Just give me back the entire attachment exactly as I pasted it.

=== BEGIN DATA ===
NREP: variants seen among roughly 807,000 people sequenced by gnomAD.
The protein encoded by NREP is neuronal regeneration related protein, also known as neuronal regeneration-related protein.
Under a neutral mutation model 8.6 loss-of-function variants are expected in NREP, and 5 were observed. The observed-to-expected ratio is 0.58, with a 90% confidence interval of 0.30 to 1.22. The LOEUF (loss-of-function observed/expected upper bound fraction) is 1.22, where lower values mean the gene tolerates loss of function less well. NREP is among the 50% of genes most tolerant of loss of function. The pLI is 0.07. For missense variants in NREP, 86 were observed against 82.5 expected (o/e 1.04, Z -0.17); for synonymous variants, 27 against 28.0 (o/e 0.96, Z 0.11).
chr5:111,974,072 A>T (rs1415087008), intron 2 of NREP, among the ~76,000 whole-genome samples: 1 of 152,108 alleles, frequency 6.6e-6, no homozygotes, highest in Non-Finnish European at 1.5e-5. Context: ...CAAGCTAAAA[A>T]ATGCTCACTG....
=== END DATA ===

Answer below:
NREP: variants seen among roughly 807,000 people sequenced by gnomAD.
The protein encoded by NREP is neuronal regeneration related protein, also known as neuronal regeneration-related protein.
Under a neutral mutation model 8.6 loss-of-function variants are expected in NREP, and 5 were observed. The observed-to-expected ratio is 0.58, with a 90% confidence interval of 0.30 to 1.22. The LOEUF (loss-of-function observed/expected upper bound fraction) is 1.22, where lower values mean the gene tolerates loss of function less well. NREP is among the 50% of genes most tolerant of loss of function. The pLI is 0.07. For missense variants in NREP, 86 were observed against 82.5 expected (o/e 1.04, Z -0.17); for synonymous variants, 27 against 28.0 (o/e 0.96, Z 0.11).
chr5:111,974,072 A>T (rs1415087008), intron 2 of NREP, among the ~76,000 whole-genome samples: 1 of 152,108 alleles, frequency 6.6e-6, no homozygotes, highest in Non-Finnish European at 1.5e-5. Context: ...CAAGCTAAAA[A>T]ATGCTCACTG....